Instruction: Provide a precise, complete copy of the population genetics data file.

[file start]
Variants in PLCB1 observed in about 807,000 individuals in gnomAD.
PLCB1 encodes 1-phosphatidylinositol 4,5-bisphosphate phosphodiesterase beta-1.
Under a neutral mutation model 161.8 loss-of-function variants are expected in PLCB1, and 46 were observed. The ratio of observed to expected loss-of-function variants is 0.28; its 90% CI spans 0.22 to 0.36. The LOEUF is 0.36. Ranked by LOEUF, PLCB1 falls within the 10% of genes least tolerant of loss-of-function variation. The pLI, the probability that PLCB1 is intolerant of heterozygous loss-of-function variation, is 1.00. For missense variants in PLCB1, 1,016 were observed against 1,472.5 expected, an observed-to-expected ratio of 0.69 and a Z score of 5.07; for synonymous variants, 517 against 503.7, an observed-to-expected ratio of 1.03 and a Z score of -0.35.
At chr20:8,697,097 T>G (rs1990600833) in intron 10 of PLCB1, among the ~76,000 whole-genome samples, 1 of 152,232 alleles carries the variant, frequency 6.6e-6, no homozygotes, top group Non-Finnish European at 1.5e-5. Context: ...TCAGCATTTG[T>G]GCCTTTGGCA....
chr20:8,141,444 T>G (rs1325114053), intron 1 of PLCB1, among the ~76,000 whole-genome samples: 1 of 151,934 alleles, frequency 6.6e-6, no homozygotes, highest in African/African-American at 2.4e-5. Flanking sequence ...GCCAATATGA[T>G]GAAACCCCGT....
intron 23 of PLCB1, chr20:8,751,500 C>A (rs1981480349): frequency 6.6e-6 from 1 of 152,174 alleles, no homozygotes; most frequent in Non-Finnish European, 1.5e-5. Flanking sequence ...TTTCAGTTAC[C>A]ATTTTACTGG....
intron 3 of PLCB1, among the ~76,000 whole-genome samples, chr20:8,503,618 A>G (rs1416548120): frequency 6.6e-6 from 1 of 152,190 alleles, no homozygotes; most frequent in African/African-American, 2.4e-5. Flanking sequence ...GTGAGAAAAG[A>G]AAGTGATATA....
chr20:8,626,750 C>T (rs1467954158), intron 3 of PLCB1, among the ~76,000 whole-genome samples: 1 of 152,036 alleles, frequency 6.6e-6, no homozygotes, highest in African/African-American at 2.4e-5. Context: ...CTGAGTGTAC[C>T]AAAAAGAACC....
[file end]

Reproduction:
Variants in PLCB1 observed in about 807,000 individuals in gnomAD.
PLCB1 encodes 1-phosphatidylinositol 4,5-bisphosphate phosphodiesterase beta-1.
Under a neutral mutation model 161.8 loss-of-function variants are expected in PLCB1, and 46 were observed. The ratio of observed to expected loss-of-function variants is 0.28; its 90% CI spans 0.22 to 0.36. The LOEUF is 0.36. Ranked by LOEUF, PLCB1 falls within the 10% of genes least tolerant of loss-of-function variation. The pLI, the probability that PLCB1 is intolerant of heterozygous loss-of-function variation, is 1.00. For missense variants in PLCB1, 1,016 were observed against 1,472.5 expected, an observed-to-expected ratio of 0.69 and a Z score of 5.07; for synonymous variants, 517 against 503.7, an observed-to-expected ratio of 1.03 and a Z score of -0.35.
At chr20:8,697,097 T>G (rs1990600833) in intron 10 of PLCB1, among the ~76,000 whole-genome samples, 1 of 152,232 alleles carries the variant, frequency 6.6e-6, no homozygotes, top group Non-Finnish European at 1.5e-5. Context: ...TCAGCATTTG[T>G]GCCTTTGGCA....
chr20:8,141,444 T>G (rs1325114053), intron 1 of PLCB1, among the ~76,000 whole-genome samples: 1 of 151,934 alleles, frequency 6.6e-6, no homozygotes, highest in African/African-American at 2.4e-5. Flanking sequence ...GCCAATATGA[T>G]GAAACCCCGT....
intron 23 of PLCB1, chr20:8,751,500 C>A (rs1981480349): frequency 6.6e-6 from 1 of 152,174 alleles, no homozygotes; most frequent in Non-Finnish European, 1.5e-5. Flanking sequence ...TTTCAGTTAC[C>A]ATTTTACTGG....
intron 3 of PLCB1, among the ~76,000 whole-genome samples, chr20:8,503,618 A>G (rs1416548120): frequency 6.6e-6 from 1 of 152,190 alleles, no homozygotes; most frequent in African/African-American, 2.4e-5. Flanking sequence ...GTGAGAAAAG[A>G]AAGTGATATA....
chr20:8,626,750 C>T (rs1467954158), intron 3 of PLCB1, among the ~76,000 whole-genome samples: 1 of 152,036 alleles, frequency 6.6e-6, no homozygotes, highest in African/African-American at 2.4e-5. Context: ...CTGAGTGTAC[C>T]AAAAAGAACC....